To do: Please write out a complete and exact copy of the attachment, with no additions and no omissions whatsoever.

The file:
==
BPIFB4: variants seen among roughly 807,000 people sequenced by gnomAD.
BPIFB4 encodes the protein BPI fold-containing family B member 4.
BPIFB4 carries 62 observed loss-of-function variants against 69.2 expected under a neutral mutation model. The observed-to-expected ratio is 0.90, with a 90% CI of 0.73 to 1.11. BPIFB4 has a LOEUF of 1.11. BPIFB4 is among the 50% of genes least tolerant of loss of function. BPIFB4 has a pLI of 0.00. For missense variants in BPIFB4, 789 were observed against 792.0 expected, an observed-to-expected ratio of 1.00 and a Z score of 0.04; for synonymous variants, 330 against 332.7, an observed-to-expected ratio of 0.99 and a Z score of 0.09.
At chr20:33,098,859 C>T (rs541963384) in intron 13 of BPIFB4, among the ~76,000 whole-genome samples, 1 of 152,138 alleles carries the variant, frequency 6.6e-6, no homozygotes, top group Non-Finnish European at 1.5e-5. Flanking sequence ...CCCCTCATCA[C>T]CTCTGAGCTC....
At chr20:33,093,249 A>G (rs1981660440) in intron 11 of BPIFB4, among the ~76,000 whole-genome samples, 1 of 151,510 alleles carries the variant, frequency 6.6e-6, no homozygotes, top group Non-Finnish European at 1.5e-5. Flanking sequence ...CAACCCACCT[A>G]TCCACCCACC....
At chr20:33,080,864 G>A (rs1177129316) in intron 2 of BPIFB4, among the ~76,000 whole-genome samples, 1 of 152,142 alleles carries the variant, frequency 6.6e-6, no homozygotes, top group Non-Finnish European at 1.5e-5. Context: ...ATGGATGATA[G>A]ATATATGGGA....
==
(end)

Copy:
BPIFB4: variants seen among roughly 807,000 people sequenced by gnomAD.
BPIFB4 encodes the protein BPI fold-containing family B member 4.
BPIFB4 carries 62 observed loss-of-function variants against 69.2 expected under a neutral mutation model. The observed-to-expected ratio is 0.90, with a 90% CI of 0.73 to 1.11. BPIFB4 has a LOEUF of 1.11. BPIFB4 is among the 50% of genes least tolerant of loss of function. BPIFB4 has a pLI of 0.00. For missense variants in BPIFB4, 789 were observed against 792.0 expected, an observed-to-expected ratio of 1.00 and a Z score of 0.04; for synonymous variants, 330 against 332.7, an observed-to-expected ratio of 0.99 and a Z score of 0.09.
At chr20:33,098,859 C>T (rs541963384) in intron 13 of BPIFB4, among the ~76,000 whole-genome samples, 1 of 152,138 alleles carries the variant, frequency 6.6e-6, no homozygotes, top group Non-Finnish European at 1.5e-5. Flanking sequence ...CCCCTCATCA[C>T]CTCTGAGCTC....
At chr20:33,093,249 A>G (rs1981660440) in intron 11 of BPIFB4, among the ~76,000 whole-genome samples, 1 of 151,510 alleles carries the variant, frequency 6.6e-6, no homozygotes, top group Non-Finnish European at 1.5e-5. Flanking sequence ...CAACCCACCT[A>G]TCCACCCACC....
At chr20:33,080,864 G>A (rs1177129316) in intron 2 of BPIFB4, among the ~76,000 whole-genome samples, 1 of 152,142 alleles carries the variant, frequency 6.6e-6, no homozygotes, top group Non-Finnish European at 1.5e-5. Context: ...ATGGATGATA[G>A]ATATATGGGA....